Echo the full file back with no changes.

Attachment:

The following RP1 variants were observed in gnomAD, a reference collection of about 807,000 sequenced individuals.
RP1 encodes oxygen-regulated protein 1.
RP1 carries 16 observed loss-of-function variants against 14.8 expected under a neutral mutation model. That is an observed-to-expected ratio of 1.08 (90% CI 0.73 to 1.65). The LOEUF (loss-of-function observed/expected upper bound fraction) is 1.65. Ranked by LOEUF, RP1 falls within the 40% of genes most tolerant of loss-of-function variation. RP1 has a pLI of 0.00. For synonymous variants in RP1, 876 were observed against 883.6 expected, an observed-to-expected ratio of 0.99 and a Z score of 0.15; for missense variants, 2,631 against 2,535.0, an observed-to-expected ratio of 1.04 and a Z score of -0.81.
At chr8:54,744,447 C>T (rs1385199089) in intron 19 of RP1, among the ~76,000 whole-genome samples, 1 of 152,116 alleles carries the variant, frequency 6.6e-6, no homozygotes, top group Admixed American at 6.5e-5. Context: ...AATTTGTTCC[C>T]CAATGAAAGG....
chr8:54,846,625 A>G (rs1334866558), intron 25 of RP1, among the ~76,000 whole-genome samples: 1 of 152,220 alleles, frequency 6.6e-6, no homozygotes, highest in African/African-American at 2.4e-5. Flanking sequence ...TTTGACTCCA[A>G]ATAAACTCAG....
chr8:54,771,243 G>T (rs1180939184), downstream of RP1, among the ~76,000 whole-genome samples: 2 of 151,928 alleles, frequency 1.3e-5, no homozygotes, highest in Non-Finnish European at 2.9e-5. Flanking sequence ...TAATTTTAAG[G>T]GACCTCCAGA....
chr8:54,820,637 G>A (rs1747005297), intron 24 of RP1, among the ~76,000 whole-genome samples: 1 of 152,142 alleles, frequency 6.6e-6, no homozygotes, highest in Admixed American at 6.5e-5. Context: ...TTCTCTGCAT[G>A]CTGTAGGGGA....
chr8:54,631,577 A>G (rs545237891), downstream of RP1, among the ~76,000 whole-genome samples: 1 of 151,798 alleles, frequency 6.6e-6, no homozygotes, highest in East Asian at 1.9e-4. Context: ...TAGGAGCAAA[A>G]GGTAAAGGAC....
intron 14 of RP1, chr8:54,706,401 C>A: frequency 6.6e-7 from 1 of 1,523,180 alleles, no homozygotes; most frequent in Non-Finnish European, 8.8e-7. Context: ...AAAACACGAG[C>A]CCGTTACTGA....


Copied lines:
The following RP1 variants were observed in gnomAD, a reference collection of about 807,000 sequenced individuals.
RP1 encodes oxygen-regulated protein 1.
RP1 carries 16 observed loss-of-function variants against 14.8 expected under a neutral mutation model. That is an observed-to-expected ratio of 1.08 (90% CI 0.73 to 1.65). The LOEUF (loss-of-function observed/expected upper bound fraction) is 1.65. Ranked by LOEUF, RP1 falls within the 40% of genes most tolerant of loss-of-function variation. RP1 has a pLI of 0.00. For synonymous variants in RP1, 876 were observed against 883.6 expected, an observed-to-expected ratio of 0.99 and a Z score of 0.15; for missense variants, 2,631 against 2,535.0, an observed-to-expected ratio of 1.04 and a Z score of -0.81.
At chr8:54,744,447 C>T (rs1385199089) in intron 19 of RP1, among the ~76,000 whole-genome samples, 1 of 152,116 alleles carries the variant, frequency 6.6e-6, no homozygotes, top group Admixed American at 6.5e-5. Context: ...AATTTGTTCC[C>T]CAATGAAAGG....
chr8:54,846,625 A>G (rs1334866558), intron 25 of RP1, among the ~76,000 whole-genome samples: 1 of 152,220 alleles, frequency 6.6e-6, no homozygotes, highest in African/African-American at 2.4e-5. Flanking sequence ...TTTGACTCCA[A>G]ATAAACTCAG....
chr8:54,771,243 G>T (rs1180939184), downstream of RP1, among the ~76,000 whole-genome samples: 2 of 151,928 alleles, frequency 1.3e-5, no homozygotes, highest in Non-Finnish European at 2.9e-5. Flanking sequence ...TAATTTTAAG[G>T]GACCTCCAGA....
chr8:54,820,637 G>A (rs1747005297), intron 24 of RP1, among the ~76,000 whole-genome samples: 1 of 152,142 alleles, frequency 6.6e-6, no homozygotes, highest in Admixed American at 6.5e-5. Context: ...TTCTCTGCAT[G>A]CTGTAGGGGA....
chr8:54,631,577 A>G (rs545237891), downstream of RP1, among the ~76,000 whole-genome samples: 1 of 151,798 alleles, frequency 6.6e-6, no homozygotes, highest in East Asian at 1.9e-4. Context: ...TAGGAGCAAA[A>G]GGTAAAGGAC....
intron 14 of RP1, chr8:54,706,401 C>A: frequency 6.6e-7 from 1 of 1,523,180 alleles, no homozygotes; most frequent in Non-Finnish European, 8.8e-7. Context: ...AAAACACGAG[C>A]CCGTTACTGA....